Ensuring continuity and open collaboration

MariaDB 10.1.1: default roles

As you all know MariaDB supported roles since the MariaDB release 10.0.5. They were implemented almost exactly as specified in the SQL Standard 2003, features T331 “Basic roles” and T332 “Extended Roles”.

But we were often hearing complains, users were not satisfied with purely standard set of features. In particular, the standard specified that one had to do

SET ROLE foobar;

to be able to use privileges, granted to the role foobar. This was not always convenient and sometimes not even possible (imagine, you need to grant role privileges to an account used by a closed-source application). There had to be some way to enable a given role automatically, when a user connects.

To solve this issue we have introduced the concept of a default role. A default role for given user is automatically enabled when this user connects. Problem solved!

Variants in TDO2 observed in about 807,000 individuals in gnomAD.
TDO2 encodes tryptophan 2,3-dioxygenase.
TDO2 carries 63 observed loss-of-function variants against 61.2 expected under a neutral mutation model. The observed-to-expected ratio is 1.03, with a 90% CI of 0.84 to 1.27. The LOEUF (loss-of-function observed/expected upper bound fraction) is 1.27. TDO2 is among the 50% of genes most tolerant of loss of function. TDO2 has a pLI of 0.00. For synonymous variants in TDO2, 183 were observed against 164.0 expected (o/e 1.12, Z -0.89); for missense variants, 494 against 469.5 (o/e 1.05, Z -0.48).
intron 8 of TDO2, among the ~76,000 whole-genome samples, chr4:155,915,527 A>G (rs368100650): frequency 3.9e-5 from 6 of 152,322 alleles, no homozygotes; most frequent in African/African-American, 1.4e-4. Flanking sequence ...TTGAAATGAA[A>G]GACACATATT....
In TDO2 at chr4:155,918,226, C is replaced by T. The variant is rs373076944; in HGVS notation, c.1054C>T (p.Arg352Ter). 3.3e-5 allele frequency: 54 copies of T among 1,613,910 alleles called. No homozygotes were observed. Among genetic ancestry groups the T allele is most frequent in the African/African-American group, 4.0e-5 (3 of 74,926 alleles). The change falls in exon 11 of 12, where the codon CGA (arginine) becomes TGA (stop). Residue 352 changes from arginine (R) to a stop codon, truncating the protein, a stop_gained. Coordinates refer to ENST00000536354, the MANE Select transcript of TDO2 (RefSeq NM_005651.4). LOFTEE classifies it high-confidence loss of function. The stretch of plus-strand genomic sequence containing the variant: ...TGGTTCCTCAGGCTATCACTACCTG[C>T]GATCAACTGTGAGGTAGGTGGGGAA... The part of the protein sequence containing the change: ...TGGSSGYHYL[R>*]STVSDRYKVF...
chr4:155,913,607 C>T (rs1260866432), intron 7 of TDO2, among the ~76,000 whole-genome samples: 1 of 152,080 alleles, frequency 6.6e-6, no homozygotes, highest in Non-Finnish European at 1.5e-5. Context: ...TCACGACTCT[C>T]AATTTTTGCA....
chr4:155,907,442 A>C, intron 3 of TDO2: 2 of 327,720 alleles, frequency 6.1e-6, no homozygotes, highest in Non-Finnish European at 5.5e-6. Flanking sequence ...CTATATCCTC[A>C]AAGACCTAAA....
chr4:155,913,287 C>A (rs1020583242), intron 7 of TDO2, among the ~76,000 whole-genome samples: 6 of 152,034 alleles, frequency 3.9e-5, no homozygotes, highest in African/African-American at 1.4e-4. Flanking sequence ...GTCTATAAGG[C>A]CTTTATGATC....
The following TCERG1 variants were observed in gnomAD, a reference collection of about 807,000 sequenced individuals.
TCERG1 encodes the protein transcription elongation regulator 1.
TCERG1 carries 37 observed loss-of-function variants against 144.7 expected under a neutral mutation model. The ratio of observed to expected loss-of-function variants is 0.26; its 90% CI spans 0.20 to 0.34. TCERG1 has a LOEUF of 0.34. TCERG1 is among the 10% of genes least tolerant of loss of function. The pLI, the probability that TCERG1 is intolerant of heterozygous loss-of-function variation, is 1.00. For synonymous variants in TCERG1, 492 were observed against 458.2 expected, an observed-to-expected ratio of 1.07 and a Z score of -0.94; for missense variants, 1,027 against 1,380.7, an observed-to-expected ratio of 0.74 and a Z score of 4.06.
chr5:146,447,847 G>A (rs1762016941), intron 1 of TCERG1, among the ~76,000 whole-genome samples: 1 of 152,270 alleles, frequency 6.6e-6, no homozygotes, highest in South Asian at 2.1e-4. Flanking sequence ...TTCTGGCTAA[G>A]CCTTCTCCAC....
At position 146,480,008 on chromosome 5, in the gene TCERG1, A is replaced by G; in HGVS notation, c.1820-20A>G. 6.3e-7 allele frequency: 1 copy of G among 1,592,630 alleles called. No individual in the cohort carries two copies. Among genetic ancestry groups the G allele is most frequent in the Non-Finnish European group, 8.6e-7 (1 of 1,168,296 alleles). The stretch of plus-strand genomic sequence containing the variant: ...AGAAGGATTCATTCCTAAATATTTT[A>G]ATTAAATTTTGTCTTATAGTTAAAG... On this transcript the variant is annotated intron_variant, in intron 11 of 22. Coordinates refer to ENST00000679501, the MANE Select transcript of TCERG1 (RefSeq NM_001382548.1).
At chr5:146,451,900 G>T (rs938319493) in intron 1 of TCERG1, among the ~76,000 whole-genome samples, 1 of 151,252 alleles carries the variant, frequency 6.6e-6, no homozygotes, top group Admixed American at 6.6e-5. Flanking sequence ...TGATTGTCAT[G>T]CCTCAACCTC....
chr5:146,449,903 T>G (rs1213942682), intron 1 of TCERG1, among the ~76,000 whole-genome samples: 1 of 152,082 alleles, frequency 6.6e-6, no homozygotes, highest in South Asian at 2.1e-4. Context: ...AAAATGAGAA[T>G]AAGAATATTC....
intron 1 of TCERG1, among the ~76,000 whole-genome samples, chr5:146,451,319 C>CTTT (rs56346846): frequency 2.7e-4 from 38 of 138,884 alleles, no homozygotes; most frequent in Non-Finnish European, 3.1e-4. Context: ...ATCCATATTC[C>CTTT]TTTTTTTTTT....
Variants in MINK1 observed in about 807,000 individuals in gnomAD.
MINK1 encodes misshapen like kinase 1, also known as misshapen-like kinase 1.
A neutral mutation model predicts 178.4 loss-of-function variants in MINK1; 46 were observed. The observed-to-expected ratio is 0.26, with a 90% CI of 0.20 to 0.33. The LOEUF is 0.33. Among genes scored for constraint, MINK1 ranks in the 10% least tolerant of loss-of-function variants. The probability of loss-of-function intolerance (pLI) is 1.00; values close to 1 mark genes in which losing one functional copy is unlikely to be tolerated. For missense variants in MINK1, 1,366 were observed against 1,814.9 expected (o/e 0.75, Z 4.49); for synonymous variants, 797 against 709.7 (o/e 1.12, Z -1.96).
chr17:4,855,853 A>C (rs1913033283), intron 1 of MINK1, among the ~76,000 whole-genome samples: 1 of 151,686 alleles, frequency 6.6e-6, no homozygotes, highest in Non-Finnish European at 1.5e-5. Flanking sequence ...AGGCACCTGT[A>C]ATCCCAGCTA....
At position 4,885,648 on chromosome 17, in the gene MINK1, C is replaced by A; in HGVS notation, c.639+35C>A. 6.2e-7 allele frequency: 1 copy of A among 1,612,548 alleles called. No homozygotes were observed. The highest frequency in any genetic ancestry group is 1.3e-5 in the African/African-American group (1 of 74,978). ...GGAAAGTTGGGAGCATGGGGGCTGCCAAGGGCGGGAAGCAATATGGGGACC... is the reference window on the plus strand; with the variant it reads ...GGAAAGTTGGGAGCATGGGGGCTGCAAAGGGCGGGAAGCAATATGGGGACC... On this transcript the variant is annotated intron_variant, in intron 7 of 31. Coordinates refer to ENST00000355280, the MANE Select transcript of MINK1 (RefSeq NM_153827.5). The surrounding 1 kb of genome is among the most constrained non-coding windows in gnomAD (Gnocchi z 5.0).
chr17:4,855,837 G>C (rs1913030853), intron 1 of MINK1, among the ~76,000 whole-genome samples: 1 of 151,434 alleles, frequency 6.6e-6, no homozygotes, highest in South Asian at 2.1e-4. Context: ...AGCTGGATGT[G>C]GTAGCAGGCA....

To set foobar as a default role you use, quite logically,

SET DEFAULT ROLE foobar;

This stores your default role in the mysq.user table, and next time you connect the role foobar will be enabled for you automatically.

To remove a default role use

SET DEFAULT ROLE NONE;

this works similarly to the standard SET ROLE statement.

You can also set a default role for another user (remember that use case with a closed-source application?):

SET DEFAULT ROLE foobar FOR user@host;

Privilege-wise, if you can enable a role (using SET ROLE statement), you can make it a default (using SET DEFAULT ROLE statement). But to change a default role for someone else, you need insert privilege for the mysq.user table — same as when you change a password for someone else.

And don’t forget to run mysql_upgrade before using default roles — as they are stored in privilege tables, these tables have to be updated to the latest version to include the necessary columns. Otherwise SET DEFAULT ROLE statement will fail.

The implementation for this feature was contributed by Vicenţiu Ciorbaru.

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